Lesley McSpadden announced this week that she is running for City Council in Ferguson, Missouri’s 3rd Ward, a position that would allow her to have oversight over the police department that was involved in the 2014 shooting of her son, Michael Brown.
“I wanted to go back and do something right in a place that did something so very wrong to my son, and I think that’s what my son would want as well,” McSpadden said in an interview this morning.
Police accountability will be McSpadden’s top priority if elected to City Council. “I think they should work much harder to prove that they are there to protect and serve, because no one believed that in August 2014 and people are still skeptical,” McSpadden announced. She moved from a neighboring community to Ferguson’s 3rd Ward a year ago in preparation for her run. She said that she “wanted to go back and do something in a place that did something so very wrong to my son, and I think that’s what my son would want as well.” McSpadden wants to see the police engaging with the community, especially the youth, and building stronger relationships “not just when something bad happens and you’re pressured to do it, but to be that civil servant in the community that you signed up to be.”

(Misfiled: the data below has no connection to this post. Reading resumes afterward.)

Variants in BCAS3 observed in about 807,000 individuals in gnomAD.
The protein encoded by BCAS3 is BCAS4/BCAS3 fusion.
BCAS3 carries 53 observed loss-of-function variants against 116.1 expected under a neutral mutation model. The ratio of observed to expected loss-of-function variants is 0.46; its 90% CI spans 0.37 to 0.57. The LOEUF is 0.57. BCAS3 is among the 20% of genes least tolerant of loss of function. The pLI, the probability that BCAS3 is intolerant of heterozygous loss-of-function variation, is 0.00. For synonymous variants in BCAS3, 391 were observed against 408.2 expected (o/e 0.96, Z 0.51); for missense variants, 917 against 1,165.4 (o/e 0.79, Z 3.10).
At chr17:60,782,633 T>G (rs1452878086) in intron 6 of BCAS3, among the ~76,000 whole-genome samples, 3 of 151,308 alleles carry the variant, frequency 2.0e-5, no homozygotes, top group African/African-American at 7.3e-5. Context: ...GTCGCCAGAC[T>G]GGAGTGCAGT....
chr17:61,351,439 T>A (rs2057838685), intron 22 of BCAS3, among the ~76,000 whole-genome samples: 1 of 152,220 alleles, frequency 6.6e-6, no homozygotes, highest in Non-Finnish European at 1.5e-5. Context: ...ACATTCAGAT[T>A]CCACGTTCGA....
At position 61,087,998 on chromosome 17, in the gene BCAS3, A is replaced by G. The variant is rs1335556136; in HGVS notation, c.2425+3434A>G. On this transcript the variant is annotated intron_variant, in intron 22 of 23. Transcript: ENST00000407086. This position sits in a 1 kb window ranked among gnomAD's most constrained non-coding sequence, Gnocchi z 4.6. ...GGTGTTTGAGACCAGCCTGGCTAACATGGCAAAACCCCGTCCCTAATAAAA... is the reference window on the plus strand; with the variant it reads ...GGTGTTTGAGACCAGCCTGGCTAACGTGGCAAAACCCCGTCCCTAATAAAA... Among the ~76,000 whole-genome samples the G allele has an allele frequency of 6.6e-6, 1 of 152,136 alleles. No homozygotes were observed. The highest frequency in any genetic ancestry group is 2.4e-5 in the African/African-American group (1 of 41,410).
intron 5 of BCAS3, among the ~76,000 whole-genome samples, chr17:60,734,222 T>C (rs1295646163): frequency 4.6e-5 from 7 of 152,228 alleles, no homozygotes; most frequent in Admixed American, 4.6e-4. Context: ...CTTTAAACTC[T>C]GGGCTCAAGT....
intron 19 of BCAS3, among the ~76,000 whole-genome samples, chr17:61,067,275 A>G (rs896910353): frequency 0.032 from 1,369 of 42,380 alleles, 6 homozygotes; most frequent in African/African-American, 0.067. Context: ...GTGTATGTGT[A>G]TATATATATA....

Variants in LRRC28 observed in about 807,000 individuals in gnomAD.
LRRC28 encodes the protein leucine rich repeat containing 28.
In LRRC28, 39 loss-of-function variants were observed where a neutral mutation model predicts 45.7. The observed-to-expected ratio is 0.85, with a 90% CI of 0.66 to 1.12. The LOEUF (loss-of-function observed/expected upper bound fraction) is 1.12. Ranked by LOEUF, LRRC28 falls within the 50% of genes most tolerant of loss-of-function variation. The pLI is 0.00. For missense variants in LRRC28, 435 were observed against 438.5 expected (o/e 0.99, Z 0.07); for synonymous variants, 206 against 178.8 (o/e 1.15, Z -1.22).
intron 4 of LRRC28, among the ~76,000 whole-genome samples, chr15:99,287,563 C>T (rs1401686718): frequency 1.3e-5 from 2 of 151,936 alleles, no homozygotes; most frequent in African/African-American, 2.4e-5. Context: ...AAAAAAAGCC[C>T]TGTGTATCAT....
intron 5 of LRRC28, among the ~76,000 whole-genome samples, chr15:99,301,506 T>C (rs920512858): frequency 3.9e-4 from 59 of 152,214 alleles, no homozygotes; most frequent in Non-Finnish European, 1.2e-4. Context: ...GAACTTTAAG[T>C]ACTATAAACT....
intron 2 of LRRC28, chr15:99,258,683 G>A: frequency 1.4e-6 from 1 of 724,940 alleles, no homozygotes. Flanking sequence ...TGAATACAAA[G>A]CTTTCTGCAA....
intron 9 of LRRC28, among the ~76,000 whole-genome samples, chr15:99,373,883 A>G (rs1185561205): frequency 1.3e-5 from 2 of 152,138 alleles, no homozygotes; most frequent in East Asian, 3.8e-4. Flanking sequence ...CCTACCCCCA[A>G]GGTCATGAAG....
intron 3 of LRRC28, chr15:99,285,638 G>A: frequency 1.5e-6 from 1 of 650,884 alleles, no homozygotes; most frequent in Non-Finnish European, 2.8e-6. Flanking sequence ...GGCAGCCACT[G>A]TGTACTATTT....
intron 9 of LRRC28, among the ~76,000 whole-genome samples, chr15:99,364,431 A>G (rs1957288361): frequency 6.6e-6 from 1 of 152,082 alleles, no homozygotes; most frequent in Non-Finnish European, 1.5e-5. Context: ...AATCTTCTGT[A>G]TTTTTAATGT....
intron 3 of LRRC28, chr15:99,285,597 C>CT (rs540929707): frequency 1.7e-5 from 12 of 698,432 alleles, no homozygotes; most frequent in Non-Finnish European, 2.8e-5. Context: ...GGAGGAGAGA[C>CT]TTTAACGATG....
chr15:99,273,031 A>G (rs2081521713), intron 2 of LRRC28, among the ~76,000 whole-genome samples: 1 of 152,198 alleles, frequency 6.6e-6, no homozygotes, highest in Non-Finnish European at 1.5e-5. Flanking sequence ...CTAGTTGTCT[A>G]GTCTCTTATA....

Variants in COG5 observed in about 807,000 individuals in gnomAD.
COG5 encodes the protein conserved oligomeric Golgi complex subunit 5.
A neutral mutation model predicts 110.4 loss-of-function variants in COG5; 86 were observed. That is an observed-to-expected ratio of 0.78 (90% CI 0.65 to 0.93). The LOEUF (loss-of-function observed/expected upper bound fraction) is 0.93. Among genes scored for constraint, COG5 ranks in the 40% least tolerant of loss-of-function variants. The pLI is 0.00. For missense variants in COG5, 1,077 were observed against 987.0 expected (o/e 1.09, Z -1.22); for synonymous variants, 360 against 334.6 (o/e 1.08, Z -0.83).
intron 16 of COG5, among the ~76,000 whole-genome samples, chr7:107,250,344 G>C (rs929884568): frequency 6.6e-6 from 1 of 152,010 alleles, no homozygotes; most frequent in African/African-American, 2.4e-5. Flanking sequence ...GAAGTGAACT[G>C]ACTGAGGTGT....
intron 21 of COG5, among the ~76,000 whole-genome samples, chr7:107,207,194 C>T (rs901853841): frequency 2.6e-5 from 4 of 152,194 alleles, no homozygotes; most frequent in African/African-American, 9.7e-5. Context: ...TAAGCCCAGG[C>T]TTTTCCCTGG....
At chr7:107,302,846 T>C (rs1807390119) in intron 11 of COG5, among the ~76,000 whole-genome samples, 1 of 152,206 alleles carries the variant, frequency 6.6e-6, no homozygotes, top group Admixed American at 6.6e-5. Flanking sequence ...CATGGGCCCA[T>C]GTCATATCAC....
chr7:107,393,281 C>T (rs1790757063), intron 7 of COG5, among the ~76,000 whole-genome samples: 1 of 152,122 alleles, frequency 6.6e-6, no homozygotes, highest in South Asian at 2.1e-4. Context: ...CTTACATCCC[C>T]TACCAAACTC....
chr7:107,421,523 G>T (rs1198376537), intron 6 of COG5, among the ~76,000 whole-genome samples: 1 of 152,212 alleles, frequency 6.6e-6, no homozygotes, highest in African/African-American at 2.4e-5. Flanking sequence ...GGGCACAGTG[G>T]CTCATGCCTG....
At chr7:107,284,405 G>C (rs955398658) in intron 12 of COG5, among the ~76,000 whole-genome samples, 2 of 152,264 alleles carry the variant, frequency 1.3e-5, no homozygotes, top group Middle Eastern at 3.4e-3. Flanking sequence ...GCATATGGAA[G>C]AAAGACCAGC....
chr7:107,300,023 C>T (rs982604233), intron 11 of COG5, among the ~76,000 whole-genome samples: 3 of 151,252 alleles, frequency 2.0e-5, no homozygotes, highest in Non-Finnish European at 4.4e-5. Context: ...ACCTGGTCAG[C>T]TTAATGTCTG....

While McSpadden has never run for office before or held an elected position, since 2014 she has been increasingly more involved in politics: from the 2016 presidential election to testifying at the state house in favor of a bill to increase the use of police body cameras. She endorsed Hillary Clinton in 2016 and spoke at the Democratic National Convention as part of the “Mothers of the Movement.” McSpadden has also been at the front of the Black Lives Matter movement in Ferguson as well as across the country.
McSpadden said that she “wanted to come back to a place that caused [her] so much pain and did [her] so wrong, and to do something right.”
On August 9, 2014 18-year-old Michael Brown was killed following, what St. Louis County Police said, was a physical altercation between Brown and the officer. The unarmed teen was shot multiple times by local police. St. Louis Prosecuting Attorney Robert McCulloch announced that the grand jury would not charge the Ferguson police officer responsible for the death of the African-American teen. Within minutes, the announcement sparked demonstrations around the country.
Media Resources: Feminist Newswire 8/11/14; Feminist Newswire 11/26/14; Feminist Newswire 11/24/14; AP 4/2/19